• Because it was viewed as “hedged”, the trade required little or no regulatory capital allowing the banks to book the entire payment stream as profit

  • Structuring/origination banks held CDOs on balance sheet and bought protection in order to increase deal capacity

Monoline / Protection Seller



Credit Protection

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Counterparty Risk Case Study: ACA

  • ACA was a single-A rated monoline insurer which originally specialized in troubled municipal credits

  • ACA first branched out to initially managing and later providing insurance for ABS CDOs

  • ACA eventually insured over $20 billion of ABS CDOs Super Seniors

  • Most banks have written the value of their ACA protection on ABS CDOs to zero

  • ACA entered a restructuring agreement with structured finance counterparties in August 2008

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Counterparty Risk

  • It appears that with respect to these negative basis trades, prudent analysis was not performed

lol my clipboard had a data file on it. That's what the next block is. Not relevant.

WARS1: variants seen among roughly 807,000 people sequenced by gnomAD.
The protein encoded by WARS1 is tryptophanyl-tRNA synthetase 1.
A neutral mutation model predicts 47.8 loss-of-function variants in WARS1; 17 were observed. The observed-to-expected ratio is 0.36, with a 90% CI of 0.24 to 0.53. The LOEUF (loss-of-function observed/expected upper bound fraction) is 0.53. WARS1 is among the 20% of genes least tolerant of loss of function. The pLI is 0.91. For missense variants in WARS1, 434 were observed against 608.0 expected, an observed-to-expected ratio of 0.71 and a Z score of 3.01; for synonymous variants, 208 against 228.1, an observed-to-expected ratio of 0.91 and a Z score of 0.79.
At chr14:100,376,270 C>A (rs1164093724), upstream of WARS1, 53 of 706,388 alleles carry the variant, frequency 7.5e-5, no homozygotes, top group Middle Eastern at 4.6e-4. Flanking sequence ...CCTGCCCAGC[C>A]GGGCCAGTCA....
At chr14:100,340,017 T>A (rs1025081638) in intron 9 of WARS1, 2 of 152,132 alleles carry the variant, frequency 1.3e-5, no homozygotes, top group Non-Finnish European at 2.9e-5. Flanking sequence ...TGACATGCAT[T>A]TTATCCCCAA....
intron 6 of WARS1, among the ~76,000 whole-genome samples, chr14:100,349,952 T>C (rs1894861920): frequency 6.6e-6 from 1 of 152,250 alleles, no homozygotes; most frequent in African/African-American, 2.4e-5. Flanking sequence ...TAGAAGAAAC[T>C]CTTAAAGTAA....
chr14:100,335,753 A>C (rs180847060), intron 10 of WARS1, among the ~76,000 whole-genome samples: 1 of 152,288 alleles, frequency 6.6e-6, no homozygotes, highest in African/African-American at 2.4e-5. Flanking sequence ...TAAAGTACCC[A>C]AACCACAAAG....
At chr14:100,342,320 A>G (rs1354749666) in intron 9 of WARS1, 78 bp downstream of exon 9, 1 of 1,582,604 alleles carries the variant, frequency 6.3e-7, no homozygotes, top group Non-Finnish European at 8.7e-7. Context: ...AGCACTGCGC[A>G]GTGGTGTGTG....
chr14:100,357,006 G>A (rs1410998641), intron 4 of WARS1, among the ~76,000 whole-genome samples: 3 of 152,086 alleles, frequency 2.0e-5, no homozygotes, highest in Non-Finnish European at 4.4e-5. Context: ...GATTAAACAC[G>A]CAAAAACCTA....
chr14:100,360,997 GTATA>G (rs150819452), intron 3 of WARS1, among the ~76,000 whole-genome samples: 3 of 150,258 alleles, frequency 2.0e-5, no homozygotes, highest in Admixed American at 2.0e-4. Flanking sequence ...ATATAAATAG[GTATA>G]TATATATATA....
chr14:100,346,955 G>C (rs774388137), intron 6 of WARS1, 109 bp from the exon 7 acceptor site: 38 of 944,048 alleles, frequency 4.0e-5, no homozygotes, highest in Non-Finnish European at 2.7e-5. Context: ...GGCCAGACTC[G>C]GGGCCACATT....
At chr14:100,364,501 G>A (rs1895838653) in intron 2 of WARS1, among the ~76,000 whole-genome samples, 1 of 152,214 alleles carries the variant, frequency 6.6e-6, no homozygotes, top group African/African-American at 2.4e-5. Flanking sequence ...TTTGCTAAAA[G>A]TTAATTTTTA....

• ACA had a higher nominal default probability than the asset it was insuring

    • Appears that some regulations allowed a minimum rating requirement without regard to the default probability of the insured instrument

  • The correlation of the insured and the insurer was ignored

    • ACA’s business, both with respect to insurance and management, was structured finance

  • One financial institution entered into $6.7 billion of trades with ACA in 3Q07, when the approximate mark to market loss on the insured securities may have been multiple times ACA’s capital*

*Based on TABX 40-100% @ approx $0.40 in 8/07, assuming all CDOs were mezzanine

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Counterparty Risk: Lessons Learned